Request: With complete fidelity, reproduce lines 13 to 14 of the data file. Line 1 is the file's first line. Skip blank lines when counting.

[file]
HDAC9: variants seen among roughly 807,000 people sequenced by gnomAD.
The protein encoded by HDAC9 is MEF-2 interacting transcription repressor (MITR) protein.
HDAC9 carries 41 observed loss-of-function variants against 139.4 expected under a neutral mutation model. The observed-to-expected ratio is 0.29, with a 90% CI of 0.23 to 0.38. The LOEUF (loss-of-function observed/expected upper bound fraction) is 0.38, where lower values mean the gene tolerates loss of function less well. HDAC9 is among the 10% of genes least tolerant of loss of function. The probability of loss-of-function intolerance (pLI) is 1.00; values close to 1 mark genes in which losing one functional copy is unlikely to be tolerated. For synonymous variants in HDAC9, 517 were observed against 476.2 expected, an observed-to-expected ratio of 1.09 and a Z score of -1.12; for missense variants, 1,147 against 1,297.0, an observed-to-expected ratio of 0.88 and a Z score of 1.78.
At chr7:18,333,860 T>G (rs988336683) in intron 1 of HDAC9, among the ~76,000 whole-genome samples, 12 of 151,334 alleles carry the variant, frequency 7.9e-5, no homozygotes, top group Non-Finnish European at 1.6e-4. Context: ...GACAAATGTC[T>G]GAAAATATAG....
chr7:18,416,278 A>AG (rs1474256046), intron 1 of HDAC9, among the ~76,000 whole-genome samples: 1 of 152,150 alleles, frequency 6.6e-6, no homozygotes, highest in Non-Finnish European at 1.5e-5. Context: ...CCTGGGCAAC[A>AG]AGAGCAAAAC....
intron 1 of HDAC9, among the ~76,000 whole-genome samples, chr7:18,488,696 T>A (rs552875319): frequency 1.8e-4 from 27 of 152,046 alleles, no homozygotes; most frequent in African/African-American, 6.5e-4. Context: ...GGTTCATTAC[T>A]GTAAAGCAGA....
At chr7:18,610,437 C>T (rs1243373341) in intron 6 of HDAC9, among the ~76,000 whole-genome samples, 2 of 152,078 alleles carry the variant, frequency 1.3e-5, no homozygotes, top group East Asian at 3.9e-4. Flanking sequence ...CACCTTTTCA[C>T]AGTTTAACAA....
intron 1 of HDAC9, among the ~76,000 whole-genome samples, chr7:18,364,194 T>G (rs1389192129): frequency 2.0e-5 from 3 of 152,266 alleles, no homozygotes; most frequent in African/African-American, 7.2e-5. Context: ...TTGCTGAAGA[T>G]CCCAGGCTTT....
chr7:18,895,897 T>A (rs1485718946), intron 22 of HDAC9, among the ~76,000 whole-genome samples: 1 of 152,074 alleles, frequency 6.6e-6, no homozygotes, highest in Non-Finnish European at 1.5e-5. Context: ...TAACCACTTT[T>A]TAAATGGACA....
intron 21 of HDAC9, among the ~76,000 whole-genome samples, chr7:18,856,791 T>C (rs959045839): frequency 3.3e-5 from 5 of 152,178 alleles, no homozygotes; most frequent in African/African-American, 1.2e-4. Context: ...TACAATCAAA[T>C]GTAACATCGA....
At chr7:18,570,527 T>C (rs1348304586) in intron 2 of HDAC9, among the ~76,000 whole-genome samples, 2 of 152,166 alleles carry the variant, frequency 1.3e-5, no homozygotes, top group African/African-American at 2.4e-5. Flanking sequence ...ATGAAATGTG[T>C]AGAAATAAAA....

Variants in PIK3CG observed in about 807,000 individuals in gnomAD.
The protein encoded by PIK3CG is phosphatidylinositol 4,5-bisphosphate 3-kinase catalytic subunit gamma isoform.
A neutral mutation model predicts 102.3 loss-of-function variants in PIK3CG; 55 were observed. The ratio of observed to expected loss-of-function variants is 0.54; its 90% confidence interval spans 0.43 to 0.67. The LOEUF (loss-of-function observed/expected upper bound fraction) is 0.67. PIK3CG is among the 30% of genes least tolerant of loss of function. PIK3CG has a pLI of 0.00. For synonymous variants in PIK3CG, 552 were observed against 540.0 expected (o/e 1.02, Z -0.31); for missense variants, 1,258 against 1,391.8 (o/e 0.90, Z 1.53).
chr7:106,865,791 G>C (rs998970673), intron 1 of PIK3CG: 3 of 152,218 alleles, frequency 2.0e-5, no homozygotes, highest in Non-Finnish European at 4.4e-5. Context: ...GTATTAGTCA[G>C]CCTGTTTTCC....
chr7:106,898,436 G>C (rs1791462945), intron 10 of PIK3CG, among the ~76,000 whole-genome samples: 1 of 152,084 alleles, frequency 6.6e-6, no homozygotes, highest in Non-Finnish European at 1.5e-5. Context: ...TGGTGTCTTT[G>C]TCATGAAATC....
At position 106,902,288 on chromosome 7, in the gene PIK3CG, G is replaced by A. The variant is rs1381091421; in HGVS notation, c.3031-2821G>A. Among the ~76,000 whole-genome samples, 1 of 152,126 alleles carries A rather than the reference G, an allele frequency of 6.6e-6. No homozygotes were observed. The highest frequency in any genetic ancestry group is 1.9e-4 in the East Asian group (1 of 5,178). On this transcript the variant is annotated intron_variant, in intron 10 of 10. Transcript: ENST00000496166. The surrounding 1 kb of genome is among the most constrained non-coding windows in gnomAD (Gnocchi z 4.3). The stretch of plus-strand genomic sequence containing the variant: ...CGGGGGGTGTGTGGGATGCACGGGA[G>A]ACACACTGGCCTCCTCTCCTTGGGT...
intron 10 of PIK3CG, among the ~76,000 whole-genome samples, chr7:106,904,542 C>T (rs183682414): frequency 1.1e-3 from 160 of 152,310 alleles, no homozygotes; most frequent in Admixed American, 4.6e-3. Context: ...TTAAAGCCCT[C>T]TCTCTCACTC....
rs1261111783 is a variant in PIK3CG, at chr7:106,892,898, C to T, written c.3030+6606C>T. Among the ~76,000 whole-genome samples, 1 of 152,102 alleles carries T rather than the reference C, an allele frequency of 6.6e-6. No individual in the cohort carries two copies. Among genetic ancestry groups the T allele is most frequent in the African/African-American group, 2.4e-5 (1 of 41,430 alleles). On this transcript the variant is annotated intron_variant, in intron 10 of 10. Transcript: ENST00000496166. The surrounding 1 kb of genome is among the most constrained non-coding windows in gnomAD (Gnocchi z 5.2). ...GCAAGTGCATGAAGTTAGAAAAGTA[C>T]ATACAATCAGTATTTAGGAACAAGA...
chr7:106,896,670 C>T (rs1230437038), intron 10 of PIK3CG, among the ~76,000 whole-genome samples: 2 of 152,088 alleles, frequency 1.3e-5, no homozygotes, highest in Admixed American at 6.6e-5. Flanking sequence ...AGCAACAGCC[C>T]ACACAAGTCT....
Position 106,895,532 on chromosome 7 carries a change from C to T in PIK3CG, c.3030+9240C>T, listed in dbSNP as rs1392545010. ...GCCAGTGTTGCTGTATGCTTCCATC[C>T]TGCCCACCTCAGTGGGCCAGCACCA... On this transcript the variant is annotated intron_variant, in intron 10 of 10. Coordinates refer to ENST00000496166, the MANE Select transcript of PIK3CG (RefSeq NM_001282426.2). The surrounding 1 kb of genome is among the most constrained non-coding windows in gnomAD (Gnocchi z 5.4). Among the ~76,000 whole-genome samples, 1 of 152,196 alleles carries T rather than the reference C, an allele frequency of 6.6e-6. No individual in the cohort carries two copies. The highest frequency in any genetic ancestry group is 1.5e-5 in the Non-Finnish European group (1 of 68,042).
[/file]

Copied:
The protein encoded by PIK3CG is phosphatidylinositol 4,5-bisphosphate 3-kinase catalytic subunit gamma isoform.
A neutral mutation model predicts 102.3 loss-of-function variants in PIK3CG; 55 were observed. The ratio of observed to expected loss-of-function variants is 0.54; its 90% confidence interval spans 0.43 to 0.67. The LOEUF (loss-of-function observed/expected upper bound fraction) is 0.67. PIK3CG is among the 30% of genes least tolerant of loss of function. PIK3CG has a pLI of 0.00. For synonymous variants in PIK3CG, 552 were observed against 540.0 expected (o/e 1.02, Z -0.31); for missense variants, 1,258 against 1,391.8 (o/e 0.90, Z 1.53).